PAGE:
The reason why I am no longer a pacifist



Vebjørn Selbekk, chief editor Norwegian Dagen

Sculpture "The Knotted Gun" at the UN Headquarters in New York. Photo EPA, Justin Lane

The notion that Christians should be pacifistic is utopic and, in addition, bad theology. But I understand those who support the idea. Previously, I was one of them.

I still remember the small-hearted feeling I had when I walked through the entrance of the sheriff's office in Stjørdal. A few days earlier, I received a letter with the police logo. The local police authority summoned me for questioning.

But I was neither a suspect nor a witness in any criminal case. Instead, the interrogation was about my refusal to serve in the Armed Forces for the first time.

Vebjørn Selbekk, chief editor Norwegian Dagen. Photo Vebjørn Selbekk

That was how it was at the end of the 80s of the last century. At the time, the Cold War was ongoing; fear of the Russians and the need for personnel in the armed forces were a real thing. Therefore, denying service to the military was a serious matter. It was so serious that the police had to be called in to investigate the reason for my refusal.

Only religious or philosophical convictions that it was not right to carry a weapon were valid reasons for exemptions. Then one received the opportunity to perform military service as a civilian worker instead, preferably at an institution or in a church, which was perhaps most relevant in my case.

However, anyone who refused service for another reason could get into serious trouble. At that time, there was a lot of debate about military denial on a so-called situational basis. It could, for example, be that someone opposed our NATO membership and therefore did not want to wear the Norwegian uniform. In such cases, the denier could end up in jail.

To distinguish worthy deniers from the unworthy, the long arm of the law had to become involved.

Once I sat in the chair in front of the policeman's desk, I was asked what I would do if a foreign power threatened to invade Norway. I must have said that I would pray to God to protect our borders but not resort to violence. I was holily convicted that it was not suitable for Christians to use force.

The police officer did not seem to be very impressed. But at the same time, this was precisely the answer that was needed to be granted civilian service. He and I both knew it. So, in a certain way, the problem was solved for both of us.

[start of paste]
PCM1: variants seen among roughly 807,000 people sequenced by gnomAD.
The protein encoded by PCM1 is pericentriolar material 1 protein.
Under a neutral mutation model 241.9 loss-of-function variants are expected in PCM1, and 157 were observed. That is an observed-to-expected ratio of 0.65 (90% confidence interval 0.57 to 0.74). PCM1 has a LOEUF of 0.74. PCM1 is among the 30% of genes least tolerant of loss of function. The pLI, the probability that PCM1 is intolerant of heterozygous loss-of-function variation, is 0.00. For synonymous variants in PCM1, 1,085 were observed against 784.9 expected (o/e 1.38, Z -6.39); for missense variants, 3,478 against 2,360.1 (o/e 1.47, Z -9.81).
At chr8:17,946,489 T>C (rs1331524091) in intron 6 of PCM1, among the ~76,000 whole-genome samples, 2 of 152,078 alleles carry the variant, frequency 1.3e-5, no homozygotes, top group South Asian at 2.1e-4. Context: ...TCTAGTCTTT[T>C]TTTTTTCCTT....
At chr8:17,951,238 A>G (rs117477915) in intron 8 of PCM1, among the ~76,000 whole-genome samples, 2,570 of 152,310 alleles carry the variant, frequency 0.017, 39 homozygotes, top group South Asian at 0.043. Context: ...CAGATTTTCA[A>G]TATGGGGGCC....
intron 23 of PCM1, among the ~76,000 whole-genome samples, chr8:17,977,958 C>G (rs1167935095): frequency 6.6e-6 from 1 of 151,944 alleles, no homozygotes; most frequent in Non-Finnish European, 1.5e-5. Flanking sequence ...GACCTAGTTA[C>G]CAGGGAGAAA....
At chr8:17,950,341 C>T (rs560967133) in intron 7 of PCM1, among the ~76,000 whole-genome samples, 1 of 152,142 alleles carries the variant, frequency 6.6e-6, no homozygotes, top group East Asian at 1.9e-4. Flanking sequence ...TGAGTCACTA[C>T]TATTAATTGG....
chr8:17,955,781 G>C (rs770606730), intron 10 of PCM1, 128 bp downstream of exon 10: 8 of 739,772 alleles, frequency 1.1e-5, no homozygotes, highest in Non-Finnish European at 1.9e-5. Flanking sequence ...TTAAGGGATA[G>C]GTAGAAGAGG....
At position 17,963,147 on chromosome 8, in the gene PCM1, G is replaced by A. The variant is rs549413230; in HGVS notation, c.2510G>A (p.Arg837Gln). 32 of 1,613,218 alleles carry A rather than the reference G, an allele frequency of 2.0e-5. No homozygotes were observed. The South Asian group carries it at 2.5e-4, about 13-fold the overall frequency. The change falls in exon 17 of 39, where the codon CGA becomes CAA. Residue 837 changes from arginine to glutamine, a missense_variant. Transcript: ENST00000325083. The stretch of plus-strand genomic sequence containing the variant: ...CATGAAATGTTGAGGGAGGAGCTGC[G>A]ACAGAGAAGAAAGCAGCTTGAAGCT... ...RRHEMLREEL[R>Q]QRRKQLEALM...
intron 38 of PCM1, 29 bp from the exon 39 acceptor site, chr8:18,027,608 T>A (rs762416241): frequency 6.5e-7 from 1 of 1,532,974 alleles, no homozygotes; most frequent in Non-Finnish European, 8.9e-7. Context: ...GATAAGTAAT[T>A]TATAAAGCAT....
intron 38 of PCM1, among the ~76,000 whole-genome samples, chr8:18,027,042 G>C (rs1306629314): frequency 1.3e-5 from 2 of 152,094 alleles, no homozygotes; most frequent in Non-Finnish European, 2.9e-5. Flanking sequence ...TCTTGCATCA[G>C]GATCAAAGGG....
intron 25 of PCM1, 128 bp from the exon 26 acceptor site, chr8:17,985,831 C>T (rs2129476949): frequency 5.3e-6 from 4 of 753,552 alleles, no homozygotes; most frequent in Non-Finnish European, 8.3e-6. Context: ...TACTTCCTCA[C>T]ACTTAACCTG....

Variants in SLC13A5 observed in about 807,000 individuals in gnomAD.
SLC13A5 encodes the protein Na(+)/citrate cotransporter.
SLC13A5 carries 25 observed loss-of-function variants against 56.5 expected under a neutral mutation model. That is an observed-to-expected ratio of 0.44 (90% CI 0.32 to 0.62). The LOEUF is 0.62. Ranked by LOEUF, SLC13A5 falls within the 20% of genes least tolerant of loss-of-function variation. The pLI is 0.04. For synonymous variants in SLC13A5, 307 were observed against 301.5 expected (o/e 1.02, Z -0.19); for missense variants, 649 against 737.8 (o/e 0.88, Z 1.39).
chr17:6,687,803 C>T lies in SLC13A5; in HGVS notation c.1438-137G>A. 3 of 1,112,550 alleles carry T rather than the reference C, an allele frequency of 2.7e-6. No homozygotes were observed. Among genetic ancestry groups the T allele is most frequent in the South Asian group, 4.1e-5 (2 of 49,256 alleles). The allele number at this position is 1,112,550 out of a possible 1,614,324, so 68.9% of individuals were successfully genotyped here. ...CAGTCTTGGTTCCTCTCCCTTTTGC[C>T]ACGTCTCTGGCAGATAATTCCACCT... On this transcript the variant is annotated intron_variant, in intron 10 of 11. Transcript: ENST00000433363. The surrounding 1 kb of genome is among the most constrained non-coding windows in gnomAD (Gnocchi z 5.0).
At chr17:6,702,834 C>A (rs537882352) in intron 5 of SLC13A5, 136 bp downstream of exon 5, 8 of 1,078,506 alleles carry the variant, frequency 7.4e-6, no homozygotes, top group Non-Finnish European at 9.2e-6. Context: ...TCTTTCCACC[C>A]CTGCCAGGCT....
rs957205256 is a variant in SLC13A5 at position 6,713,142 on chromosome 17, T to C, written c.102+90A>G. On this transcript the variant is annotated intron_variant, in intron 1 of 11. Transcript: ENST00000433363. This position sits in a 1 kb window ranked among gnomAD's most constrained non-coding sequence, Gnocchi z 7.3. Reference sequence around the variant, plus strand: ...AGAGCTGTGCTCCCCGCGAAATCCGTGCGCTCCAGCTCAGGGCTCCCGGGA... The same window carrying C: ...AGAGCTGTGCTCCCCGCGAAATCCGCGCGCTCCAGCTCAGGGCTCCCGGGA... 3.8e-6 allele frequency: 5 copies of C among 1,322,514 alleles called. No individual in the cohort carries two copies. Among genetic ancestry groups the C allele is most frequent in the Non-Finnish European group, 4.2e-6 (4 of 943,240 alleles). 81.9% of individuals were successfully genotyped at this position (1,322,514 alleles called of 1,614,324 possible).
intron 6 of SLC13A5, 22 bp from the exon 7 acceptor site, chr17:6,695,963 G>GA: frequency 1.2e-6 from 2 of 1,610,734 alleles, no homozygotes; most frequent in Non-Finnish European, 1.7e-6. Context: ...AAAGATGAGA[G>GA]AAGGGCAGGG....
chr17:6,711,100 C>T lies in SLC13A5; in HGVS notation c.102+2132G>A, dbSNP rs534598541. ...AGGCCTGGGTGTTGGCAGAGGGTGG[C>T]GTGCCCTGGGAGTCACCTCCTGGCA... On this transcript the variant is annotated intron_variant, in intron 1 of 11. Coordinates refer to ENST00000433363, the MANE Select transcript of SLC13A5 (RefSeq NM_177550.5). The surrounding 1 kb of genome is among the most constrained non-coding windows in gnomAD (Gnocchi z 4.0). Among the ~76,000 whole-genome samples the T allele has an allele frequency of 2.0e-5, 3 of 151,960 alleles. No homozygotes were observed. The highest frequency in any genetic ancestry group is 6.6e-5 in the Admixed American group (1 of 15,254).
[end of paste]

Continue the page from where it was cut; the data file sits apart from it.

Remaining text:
Dreams of a world without killing

I was reminded of this episode – which is now more than 30 years ago – when I read in Dagen about the well-known and respected Swedish Christian author Magnus Malm's thoughts on Christian pacifism.

In a well-written article, Malm presents a thought experiment he carried out in the light of Russia's war in Ukraine. He asks what would have happened if Ukraine had not resisted militarily.

First, Malm lists things that would not have happened: "No one would have been killed, children would not have been separated from their fathers, and no one would have been forced to move. No houses, schools, hospitals and other buildings would have been destroyed." In addition, Ukraine's wheat harvest would have been saved. Food prices in Africa would not have skyrocketed. We could have continued to work in peace on our climate problem. And so on.

Magnus Malm dreams of a life where "the Christians of the world simply decide not to kill each other." He writes that for him, as a Christian, Jesus of Nazareth is an "even more important guiding star than democracy and national borders." In practice, that is the same argument that I used towards the policeman, but then, in other words, as the word artist Malm, of course, expressed it much better than an 18-year-old from North Trøndelag with a free church background managed.

Christian pacifism sounds pious, but is wrong

Fortunately, my military history did not end at the sheriff's office in Stjørdal. Even though I was granted the opportunity to work in civilian service, I never managed to serve it. I was supposed to attend the Bible school in Uppsala for two years and therefore postponed the service.

Once back from Sweden, I had changed my mind: I was no longer a pacifist. Therefore, I returned to the sheriff's office. This time with the opposite message: I applied to serve my first military service. Again, the officer did not seem very impressed.

Although the Christian pacifist idea sounds very pious, I think it is wrong. The Lutheran two-regiment doctrine helped me sort out my thoughts on these questions.

First of all, the ideas that Magnus Malm advocates are entirely utopian. It is not true that no lives would have been lost if Ukraine had not resisted militarily against the invading Russian army. Just look at the pictures of massacred unarmed civilians in Bucha and other cities.

Also, the theology behind this thought experiment is very dubious. There is no Biblical ground for the argument that it is wrong for a Christian to serve in the military.

On the contrary, we learn from Romans 13 that the government is a servant of God. And we understand that God has a purpose with armament: The evil in the world must be kept in check.

That principle applies both within a nation as well as between countries. Ukraine's heroic military efforts have denied Russia the opportunity to conquer the capital Kyiv. NATO's armed forces prevent Vladimir Putin's war machine from attacking other countries in Central and Western Europe. And it is Israel's strong defence that prevents the country's enemies from destroying the only Jewish state in the world.

Aircraft soldier 140 Selbekk's military service at Værnes airport was probably not a crucial contribution to Norway's defence forces. But I am still proud to have fulfilled my duty.

This is a translation of an article that was published in the Norwegian Christian daily Dagen on April 22nd 2022.



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